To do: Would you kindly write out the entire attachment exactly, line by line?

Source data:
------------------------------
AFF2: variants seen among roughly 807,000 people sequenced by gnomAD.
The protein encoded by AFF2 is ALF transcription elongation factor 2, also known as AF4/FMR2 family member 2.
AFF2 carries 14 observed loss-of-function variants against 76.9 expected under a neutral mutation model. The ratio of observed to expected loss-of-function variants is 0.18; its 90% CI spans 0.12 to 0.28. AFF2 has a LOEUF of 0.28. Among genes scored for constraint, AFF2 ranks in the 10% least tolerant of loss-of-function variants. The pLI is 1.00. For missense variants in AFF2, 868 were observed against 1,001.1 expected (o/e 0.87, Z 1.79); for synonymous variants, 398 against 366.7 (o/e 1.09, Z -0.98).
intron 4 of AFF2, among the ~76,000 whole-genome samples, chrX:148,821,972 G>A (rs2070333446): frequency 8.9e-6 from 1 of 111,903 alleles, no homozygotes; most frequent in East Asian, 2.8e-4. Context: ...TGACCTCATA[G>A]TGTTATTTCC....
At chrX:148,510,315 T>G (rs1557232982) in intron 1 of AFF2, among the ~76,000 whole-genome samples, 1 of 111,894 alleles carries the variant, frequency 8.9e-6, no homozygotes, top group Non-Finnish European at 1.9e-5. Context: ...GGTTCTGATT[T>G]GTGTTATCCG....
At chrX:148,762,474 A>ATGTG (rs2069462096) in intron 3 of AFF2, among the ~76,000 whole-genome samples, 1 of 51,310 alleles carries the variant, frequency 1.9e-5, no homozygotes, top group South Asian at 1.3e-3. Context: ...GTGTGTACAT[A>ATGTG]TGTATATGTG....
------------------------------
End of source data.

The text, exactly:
AFF2: variants seen among roughly 807,000 people sequenced by gnomAD.
The protein encoded by AFF2 is ALF transcription elongation factor 2, also known as AF4/FMR2 family member 2.
AFF2 carries 14 observed loss-of-function variants against 76.9 expected under a neutral mutation model. The ratio of observed to expected loss-of-function variants is 0.18; its 90% CI spans 0.12 to 0.28. AFF2 has a LOEUF of 0.28. Among genes scored for constraint, AFF2 ranks in the 10% least tolerant of loss-of-function variants. The pLI is 1.00. For missense variants in AFF2, 868 were observed against 1,001.1 expected (o/e 0.87, Z 1.79); for synonymous variants, 398 against 366.7 (o/e 1.09, Z -0.98).
intron 4 of AFF2, among the ~76,000 whole-genome samples, chrX:148,821,972 G>A (rs2070333446): frequency 8.9e-6 from 1 of 111,903 alleles, no homozygotes; most frequent in East Asian, 2.8e-4. Context: ...TGACCTCATA[G>A]TGTTATTTCC....
At chrX:148,510,315 T>G (rs1557232982) in intron 1 of AFF2, among the ~76,000 whole-genome samples, 1 of 111,894 alleles carries the variant, frequency 8.9e-6, no homozygotes, top group Non-Finnish European at 1.9e-5. Context: ...GGTTCTGATT[T>G]GTGTTATCCG....
At chrX:148,762,474 A>ATGTG (rs2069462096) in intron 3 of AFF2, among the ~76,000 whole-genome samples, 1 of 51,310 alleles carries the variant, frequency 1.9e-5, no homozygotes, top group South Asian at 1.3e-3. Context: ...GTGTGTACAT[A>ATGTG]TGTATATGTG....